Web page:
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Posted at 03:35 PM ET, 05/13/2012

Firms that hire undocumented workers pose unfair competitive advantage

These days, small businesses face challenges unparalleled in the memories of most owners.

Current staffing levels are at a record low, and recent employment forecasts reveal that staffing levels will remain low for the foreseeable future. Nonetheless, customers continue to demand exceptional service and products at a competitive price. To remain profitable, businesses need employees to have sharp skills to help them deliver the levels of excellence required by their customers at the lowest cost. 

 In a service business, the biggest cost to an employer is labor. Companies that hire undocumented workers are clearly in an unfair advantage because their labor cost potentially is lower than a company that is following the rules. Although fines and penalties currently exist to deter unfair hiring practices, rarely are they ever enforced.

Our company, Benjamin Enterprises, provides workforce solutions to help businesses to hire, train and manage employees in the industrial, commercial and federal government markets.

We regularly bid on contracts that require unskilled and semi-skilled workers to provide facilities maintenance and security guard services across the country. On several occasions, potential contracts have been lost to the lowest bidder contractor, who, when you do the math, could not be paying the statutory state prevailing or minimum wages. As a result, we see good contract opportunities awarded to companies with questionable hiring practices.

 Companies that utilize unscrupulous vendors who knowingly violate immigration laws can find themselves exposed to significant risks. The reality is that many entry level jobs are labor intensive, and are filled by hard-working immigrants. Workplace accidents and incidents can expose well-meaning companies to expensive lawsuits and employment-related litigation.

To be compliant with our current immigration laws, our human resources department conducts an extensive background inspection of all potential hires. We begin our application process by requiring at least two forms of identification. We have found it beneficial to look at the individual’s original Social Security cards to confirm that it is not a copy.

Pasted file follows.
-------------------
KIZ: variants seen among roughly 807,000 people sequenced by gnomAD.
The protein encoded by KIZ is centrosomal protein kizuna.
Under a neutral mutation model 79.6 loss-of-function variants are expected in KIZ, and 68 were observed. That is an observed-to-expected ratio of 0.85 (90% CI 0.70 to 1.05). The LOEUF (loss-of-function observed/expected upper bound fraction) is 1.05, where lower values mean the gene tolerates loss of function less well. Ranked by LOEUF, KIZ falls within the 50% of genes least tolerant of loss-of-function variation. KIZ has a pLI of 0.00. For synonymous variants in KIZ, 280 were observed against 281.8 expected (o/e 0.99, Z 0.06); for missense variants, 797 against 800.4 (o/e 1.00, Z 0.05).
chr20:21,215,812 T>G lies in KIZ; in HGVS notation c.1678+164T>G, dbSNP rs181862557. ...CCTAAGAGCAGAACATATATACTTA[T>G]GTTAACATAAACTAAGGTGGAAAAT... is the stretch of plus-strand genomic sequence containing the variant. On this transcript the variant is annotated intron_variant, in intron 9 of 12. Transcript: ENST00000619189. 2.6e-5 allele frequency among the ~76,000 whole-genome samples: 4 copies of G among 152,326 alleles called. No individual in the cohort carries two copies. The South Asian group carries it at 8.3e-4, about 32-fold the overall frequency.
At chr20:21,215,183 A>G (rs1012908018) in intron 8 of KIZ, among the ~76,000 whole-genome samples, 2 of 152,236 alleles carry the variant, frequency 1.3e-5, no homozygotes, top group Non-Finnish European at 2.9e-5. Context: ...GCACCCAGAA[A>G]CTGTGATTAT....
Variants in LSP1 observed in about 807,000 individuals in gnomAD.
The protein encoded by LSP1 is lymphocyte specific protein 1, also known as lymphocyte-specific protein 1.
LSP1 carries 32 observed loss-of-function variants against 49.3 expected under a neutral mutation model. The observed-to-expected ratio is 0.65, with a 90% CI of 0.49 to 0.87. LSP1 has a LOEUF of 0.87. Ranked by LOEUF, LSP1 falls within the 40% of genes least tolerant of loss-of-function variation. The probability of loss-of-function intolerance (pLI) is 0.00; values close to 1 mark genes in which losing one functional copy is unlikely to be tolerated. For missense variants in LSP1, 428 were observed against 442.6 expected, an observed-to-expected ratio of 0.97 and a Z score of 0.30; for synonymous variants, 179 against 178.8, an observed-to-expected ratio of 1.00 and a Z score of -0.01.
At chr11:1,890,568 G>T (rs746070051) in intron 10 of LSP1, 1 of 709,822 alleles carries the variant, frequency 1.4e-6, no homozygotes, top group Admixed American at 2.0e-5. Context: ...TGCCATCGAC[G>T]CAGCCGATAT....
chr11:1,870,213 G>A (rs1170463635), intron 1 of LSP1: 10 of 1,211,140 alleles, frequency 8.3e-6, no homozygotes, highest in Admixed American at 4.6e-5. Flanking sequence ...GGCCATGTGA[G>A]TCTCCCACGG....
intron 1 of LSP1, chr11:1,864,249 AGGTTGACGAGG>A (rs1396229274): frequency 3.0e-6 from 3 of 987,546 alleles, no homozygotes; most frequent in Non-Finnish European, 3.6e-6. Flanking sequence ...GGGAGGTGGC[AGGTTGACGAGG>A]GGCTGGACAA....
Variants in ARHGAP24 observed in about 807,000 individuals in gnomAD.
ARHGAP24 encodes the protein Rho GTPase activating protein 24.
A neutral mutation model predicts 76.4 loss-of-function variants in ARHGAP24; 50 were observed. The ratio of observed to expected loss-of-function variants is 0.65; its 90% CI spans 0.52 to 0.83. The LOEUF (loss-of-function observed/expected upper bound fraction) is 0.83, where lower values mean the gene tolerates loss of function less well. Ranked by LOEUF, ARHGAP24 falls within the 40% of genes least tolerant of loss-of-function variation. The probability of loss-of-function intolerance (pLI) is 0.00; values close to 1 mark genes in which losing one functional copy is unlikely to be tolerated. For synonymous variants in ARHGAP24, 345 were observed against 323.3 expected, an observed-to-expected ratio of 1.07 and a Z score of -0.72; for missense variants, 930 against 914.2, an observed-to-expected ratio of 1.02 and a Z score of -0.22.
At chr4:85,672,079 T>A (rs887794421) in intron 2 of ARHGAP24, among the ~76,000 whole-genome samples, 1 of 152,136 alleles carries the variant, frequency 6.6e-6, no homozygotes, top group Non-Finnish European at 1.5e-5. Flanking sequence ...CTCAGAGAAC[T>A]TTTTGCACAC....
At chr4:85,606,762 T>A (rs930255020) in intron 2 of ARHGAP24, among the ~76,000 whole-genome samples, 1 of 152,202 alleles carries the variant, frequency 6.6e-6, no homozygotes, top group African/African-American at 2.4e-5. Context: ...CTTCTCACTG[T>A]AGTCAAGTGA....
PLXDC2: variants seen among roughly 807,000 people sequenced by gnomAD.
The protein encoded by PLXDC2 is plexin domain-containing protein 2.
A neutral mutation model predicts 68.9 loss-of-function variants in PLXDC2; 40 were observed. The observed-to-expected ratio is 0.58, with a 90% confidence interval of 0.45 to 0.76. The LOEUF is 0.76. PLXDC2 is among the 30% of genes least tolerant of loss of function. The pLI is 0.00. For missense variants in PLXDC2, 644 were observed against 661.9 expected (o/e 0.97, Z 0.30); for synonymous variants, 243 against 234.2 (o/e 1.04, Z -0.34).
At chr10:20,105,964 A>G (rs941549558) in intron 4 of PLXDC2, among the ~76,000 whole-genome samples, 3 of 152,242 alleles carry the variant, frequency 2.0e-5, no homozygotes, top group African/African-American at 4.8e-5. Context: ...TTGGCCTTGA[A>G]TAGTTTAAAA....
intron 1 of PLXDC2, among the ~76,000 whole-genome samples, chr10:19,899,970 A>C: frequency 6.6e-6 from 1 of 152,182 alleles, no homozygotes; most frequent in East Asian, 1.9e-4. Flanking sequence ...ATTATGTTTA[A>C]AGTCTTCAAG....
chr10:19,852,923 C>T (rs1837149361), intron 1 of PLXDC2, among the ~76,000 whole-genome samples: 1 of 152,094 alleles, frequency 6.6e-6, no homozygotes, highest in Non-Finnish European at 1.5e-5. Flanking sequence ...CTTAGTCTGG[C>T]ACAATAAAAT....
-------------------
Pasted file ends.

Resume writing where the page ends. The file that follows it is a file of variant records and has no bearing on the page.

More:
Copies of identification are not acceptable. The federal government’s E-Verify system, along with similar electronic databases are used to check the accuracy of Social Security numbers, driver’s licenses and criminal background information. We have found the E-Verify system to be precise, easy-to-use and efficient.

With staffing levels pared down, small businesses have to make do with smaller teams — which mean that there is little or no experience inside the company to cover the skill deficit. Too often, the dislocated worker lacks the relevance of similar work skills to match customer expected results. Successful hiring will require an on-boarding program that includes on-demand skills training.

Yet hiring and training an employee costs more than 40 percent of the employees’ wages, experts say. That’s expensive, and many small businesses are challenged to constantly find growth opportunities. Workers employed by small businesses make up 52 percent of the national workforce — that’s 47.7 million Americans who work for companies that employ less than 500 persons, according to the federal government. In light of these facts, the government should recognize that small businesses are more likely than large corporations to hire from within their communities. Unlike large, conglomerate corporations that have mega headquarters and stockholders to answer to, small businesses are more likely to reinvest in their communities through purchases of local products and services. Government programs that encourage and enhance the growth of small businesses ensure a strong future for the American economy.

Too often, small businesses struggle to sustain employment for their workers within the constraints of very small profit margins. Too often, employee hiring and training suffer. Yet commitment to hiring and ongoing training is essential in America’s future. Government spending geared toward boosting employment and job skills for our workers would be money well invested in America's future.

Michelle Benjamin is founder and CEO of Benjamin Enterprises, a New York based firm that manages facilities and maintenance for companies.

 

By Michelle Benjamin  |  03:35 PM ET, 05/13/2012

 
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